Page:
anastrozole (Arimidex) Dosage:
Adults only: (Oral) 1 mg daily.
Adults only: (Oral) 1 mg daily.

exemestane (Aromasin) Dosage:
Adults only: (Oral) 25 mg once daily.
Adults only: (Oral) 25 mg once daily.

letrozole (Femara) Dosage:
Adults only: (Oral) 2.5 mg daily.
Adults only: (Oral) 2.5 mg daily

INHIBITORS OF PITUITARY HORMONES
goserelin acetate (Zoladex).
Goserelin acetate is a synthetic analog of gonadotropin-releasing hormone that is used for its endocrine effects. It reduces the amount of testosterone or estrogen in the bloodstream. It is used for the treatment of prostate and breast cancer and for endometriosis and dysfunctional uterine bleeding. Side effects include hot flashes, sexual dysfunction, headaches, blood pressure instability, rash, dizziness, elevated serum cholesterol, and occasionally a tumor flare (temporary increase in the size of the tumor).

leuprolide acetate (Eligard, Lupron, Viadur).
Another synthetic analog of gonadotropin-releasing hormone, leuprolide can be used for its antineoplastic and endocrine effects. Its uses and side effects are similar to those of goserelin acetate, but it additionally is used to treat precocious puberty.

triptorelin pamoate (Trelstar).
Also an analog of gonadotropin-releasing hormone, triptorelin pamoate has actions and uses similar to the other drugs in this category. It is used in the palliative treatment of prostate cancer.

ANTITUMOR ANTIBIOTICS
bleomycin sulfate, USP-NF, BP (Blenoxane).
The antibiotic action of bleomycin apparently occurs by causing a splitting of the DNA chain. It is used in the treatment of Hodgkin’s disease and squamous cell carcinomas of the skin, penis, vulva, head, neck, and larynx. In contrast to most antineoplastic agents, this drug has a very low incidence of bone marrow toxicity. The most serious toxic effect is interstitial pneumonitis. Skin or mucocutaneous lesions, alopecia, fever, chills, and hypotension have been reported. Liver enzymes must be checked monthly while a patient is receiving this drug.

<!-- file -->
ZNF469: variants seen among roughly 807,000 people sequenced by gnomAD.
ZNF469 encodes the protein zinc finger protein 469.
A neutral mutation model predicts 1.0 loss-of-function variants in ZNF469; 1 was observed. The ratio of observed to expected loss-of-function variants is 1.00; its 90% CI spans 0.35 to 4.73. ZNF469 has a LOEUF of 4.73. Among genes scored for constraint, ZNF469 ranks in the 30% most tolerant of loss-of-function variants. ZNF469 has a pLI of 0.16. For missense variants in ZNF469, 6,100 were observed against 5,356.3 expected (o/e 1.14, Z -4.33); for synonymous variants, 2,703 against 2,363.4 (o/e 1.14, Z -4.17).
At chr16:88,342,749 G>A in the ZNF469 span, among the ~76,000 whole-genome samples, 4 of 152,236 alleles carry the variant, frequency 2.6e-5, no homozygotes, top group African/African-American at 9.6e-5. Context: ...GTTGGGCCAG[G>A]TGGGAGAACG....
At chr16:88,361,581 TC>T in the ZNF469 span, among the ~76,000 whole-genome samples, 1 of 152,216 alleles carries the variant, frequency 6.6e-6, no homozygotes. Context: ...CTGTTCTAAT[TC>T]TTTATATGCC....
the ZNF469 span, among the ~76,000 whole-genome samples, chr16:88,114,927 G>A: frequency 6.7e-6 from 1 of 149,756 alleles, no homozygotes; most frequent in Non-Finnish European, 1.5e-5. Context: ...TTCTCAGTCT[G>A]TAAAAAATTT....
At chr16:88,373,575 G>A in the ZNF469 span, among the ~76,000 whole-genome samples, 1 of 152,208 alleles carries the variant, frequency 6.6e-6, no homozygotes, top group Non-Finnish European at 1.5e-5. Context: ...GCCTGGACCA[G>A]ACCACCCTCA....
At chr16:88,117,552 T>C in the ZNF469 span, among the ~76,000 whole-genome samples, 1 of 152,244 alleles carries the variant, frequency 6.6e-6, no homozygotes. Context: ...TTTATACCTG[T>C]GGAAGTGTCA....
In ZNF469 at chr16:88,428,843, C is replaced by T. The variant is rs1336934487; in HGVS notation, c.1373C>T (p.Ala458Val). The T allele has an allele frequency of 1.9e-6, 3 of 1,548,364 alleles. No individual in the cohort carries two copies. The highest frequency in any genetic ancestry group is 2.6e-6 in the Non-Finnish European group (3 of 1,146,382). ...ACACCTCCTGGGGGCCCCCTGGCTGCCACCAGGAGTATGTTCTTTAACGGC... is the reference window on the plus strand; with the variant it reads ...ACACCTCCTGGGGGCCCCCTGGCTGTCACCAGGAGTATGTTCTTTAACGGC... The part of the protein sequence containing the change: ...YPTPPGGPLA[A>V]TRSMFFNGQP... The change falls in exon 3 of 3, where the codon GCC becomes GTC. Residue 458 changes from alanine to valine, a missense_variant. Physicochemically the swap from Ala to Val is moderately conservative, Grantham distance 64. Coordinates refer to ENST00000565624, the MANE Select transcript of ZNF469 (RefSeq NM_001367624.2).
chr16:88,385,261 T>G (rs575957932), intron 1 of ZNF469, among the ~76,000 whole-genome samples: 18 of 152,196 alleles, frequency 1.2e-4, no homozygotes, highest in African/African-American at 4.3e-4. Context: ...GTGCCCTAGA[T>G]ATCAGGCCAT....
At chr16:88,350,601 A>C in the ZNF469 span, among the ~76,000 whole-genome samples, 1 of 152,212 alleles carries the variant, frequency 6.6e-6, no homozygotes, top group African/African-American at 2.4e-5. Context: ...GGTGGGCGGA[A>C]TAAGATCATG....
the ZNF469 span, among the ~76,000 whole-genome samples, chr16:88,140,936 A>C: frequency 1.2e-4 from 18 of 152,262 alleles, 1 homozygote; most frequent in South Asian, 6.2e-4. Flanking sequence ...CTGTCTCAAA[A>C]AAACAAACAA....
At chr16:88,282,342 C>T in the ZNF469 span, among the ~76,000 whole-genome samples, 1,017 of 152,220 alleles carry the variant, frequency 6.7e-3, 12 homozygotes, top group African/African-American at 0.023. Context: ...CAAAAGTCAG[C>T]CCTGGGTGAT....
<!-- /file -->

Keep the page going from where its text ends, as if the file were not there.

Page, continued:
dactinomycin, USP-NF, BP (Actinomycin D, Cosmegen).
Dactinomycin is an antibiotic that exerts its effect as an antineoplastic agent by interfering with both DNA and RNA synthesis. It also inhibits DNA replication. It is used in the treatment of Wilms’ tumor of the kidney and for control of the metastases of this tumor. It has been used in combination with other agents in the treatment of metastatic tumors of the testes, choriocarcinoma, and certain lymphomas. Toxic effects include bone marrow suppression, liver and kidney toxicity, nausea, vomiting, oral stomatitis, anorexia, alopecia, and various skin eruptions.

daunorubicin hydrochloride (Daunomycin).
Daunorubicin works by inhibiting DNA and RNA synthesis and by inhibiting the unwinding of the DNA, a function necessary for replication. It is used primarily to treat acute myelogenous leukemia. It has also been used to treat lymphocytic leukemias and disseminated neuroblastoma. Side effects include myelosuppression, GI toxicity, red-orange discoloration of the urine and contact lenses, and alopecia. It may cause acute and delayed cardiotoxicity including arrhythmias and congestive heart failure. Care must be taken to avoid extravasation because it is a potent vesicant.

daunorubicin liposome (Daunoxome).
This agent is daunorubicin with liposomal encapsulation. It is used as a first-line agent for human immunodeficiency virus (HIV)-associated Kaposi’s sarcoma. The mechanism of action and side effects are similar to the parent compound.
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doxorubicin hydrochloride, USP-NF, BP (Adriamycin).
Daunorubicin works by inhibiting DNA and RNA synthesis and by inhibiting the unwinding of the DNA, a function necessary for replication. It is used primarily to treat acute myelogenous leukemia. It has also been used to treat lymphocytic leukemias and disseminated neuroblastoma. Side effects include myelosuppression, GI toxicity, red-orange discoloration of the urine and contact lenses, and alopecia. It may cause acute and delayed cardiotoxicity including arrhythmias and congestive heart failure. Care must be taken to avoid extravasation because it is a potent vesicant.

doxorubicin liposome (Doxil).
This liposomal encapsulated version of doxorubicin has a mechanism of action and side effects similar to doxorubicin. It is used to treat Kaposi’s sarcoma, ovarian carcinoma, and multiple myeloma.

epirubicin hydrochloride (Ellence).
Related to doxorubicin, epirubicin hydrochloride is used to treat breast cancer. Side effects are similar to the side effects of its parent compound.

idarubicin hydrochloride (Idamycin).
This agent is an analog of daunorubicin and also inhibits nucleic acid synthesis. It is used in combination with other antileukemic drugs to treat acute myeloid leukemia in adults. Side effects include tissue necrosis at the site of injection, myelosuppression, myocardial toxicity, nausea, vomiting, and peripheral neuropathy. Red discoloration of the urine may occur.